John Doerr: Investor
John Doerr is a general partner at Kleiner Perkins Caufield & Byers. Since joining KPCB in 1980, John and his partners have backed some of the world’s most successful entrepreneurs, including Larry Page, Sergey Brin and Eric Schmidt of Google; Jeff Bezos of Amazon.com, Scott Cook and Bill Campbell of Intuit; and Mark Pincus of Zynga. John’s passion is helping entrepreneurs create the “Next Big Thing” in mobile and social networks, greentech innovation, education and economic development. Ventures sponsored by John have created more than 200,000 new jobs. John serves on boards in the areas of Internet technologies and greentech, including Amyris, Bloom Energy, Coursera, Essence Healthcare, Flipboard, FloDesign Wind Turbines, Google, iControl, mCube, Quantumscape, Renmatix, Upthere and Zynga. He also led KPCB’s investment in Twitter.
John’s technology career began in 1974 at Intel, just as the chipmaker was inventing the groundbreaking 8080 microprocessor. During his Intel years, he held roles in engineering, marketing, management and sales. John also learned about operating excellence from Intel co-founder Andy Grove — insight that he continues to share with entrepreneurs today. He later founded Silicon Compilers, a VLSI CAD software company, and co-founded @Home, the nationwide broadband cable Internet service.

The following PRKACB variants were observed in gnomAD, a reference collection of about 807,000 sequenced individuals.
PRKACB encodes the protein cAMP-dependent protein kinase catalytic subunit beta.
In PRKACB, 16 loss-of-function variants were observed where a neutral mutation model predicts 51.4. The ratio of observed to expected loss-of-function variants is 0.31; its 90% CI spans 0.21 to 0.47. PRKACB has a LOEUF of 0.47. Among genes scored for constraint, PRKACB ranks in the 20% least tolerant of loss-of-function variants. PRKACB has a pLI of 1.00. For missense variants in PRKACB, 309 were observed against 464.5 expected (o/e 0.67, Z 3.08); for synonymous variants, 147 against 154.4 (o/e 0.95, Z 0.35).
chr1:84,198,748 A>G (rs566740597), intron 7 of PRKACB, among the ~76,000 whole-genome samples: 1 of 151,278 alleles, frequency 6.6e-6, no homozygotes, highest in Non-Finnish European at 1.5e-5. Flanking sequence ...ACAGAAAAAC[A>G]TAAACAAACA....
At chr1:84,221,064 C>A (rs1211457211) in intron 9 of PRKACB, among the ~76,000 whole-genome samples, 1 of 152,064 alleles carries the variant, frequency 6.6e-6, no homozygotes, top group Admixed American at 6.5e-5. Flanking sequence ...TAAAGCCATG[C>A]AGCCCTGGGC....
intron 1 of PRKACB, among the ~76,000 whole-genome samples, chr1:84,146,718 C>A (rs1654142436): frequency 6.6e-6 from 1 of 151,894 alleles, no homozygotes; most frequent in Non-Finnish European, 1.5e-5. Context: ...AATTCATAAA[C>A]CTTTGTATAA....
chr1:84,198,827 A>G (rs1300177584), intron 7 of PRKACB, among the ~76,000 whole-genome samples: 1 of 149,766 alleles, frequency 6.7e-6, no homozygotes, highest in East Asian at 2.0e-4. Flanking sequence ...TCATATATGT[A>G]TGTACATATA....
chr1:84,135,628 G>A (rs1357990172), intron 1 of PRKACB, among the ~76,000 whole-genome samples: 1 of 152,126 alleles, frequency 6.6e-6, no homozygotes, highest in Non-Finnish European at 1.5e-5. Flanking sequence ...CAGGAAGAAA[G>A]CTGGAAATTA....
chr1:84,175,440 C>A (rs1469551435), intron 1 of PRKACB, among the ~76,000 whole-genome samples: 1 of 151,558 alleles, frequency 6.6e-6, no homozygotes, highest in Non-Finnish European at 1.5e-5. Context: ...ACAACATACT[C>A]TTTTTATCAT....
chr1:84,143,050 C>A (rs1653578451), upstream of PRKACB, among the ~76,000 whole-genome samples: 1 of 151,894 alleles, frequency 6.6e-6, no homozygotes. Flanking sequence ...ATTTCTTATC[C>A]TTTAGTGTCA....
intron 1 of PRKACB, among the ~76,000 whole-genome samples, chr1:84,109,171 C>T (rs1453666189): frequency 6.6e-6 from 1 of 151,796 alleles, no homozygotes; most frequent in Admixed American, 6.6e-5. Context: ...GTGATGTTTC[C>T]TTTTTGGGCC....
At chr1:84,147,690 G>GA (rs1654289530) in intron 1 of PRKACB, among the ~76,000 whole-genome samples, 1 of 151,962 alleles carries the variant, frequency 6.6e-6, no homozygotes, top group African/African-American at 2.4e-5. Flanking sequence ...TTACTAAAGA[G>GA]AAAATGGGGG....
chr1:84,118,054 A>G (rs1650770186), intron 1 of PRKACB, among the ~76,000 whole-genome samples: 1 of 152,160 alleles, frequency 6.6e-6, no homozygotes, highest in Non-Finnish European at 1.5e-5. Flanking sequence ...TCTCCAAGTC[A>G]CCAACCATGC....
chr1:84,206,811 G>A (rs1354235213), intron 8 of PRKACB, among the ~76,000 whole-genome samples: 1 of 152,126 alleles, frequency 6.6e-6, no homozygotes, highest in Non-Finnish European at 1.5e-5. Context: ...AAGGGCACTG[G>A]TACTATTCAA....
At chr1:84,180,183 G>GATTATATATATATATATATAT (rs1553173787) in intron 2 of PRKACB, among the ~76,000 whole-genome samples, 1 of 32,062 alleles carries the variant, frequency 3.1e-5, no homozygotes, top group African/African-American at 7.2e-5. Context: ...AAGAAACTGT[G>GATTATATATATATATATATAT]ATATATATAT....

Outside of KPCB, John supports entrepreneurs focused on the environment, public education and alleviating global poverty. These include NewSchools.org, TechNet.org, the Climate Reality Project and ONE.org. John earned B.S. and M.S. degrees in electrical engineering from Rice University and an M.B.A. from Harvard Business School. He also holds several patents for computer memory devices. John is a member of the American Academy of Arts and Sciences, and a member of U.S. President Barack Obama’s Council on Jobs and Competitiveness.
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John Doerr discusses Salvation (and Profit) in Greentech:
John Doerr, [warns] that carbon-dioxide-sputtering, gas-powered capitalism will destroy us all, and that going green may be the “biggest economic opportunity of the 21st century.” So Kleiner Perkins has invested $200 million in so-called greentech, a combination of startups that are pioneering alternative energy, waste remediation and other schemes to prevent the coming environmental calamity. But Doerr is afraid that it might be too little, too late.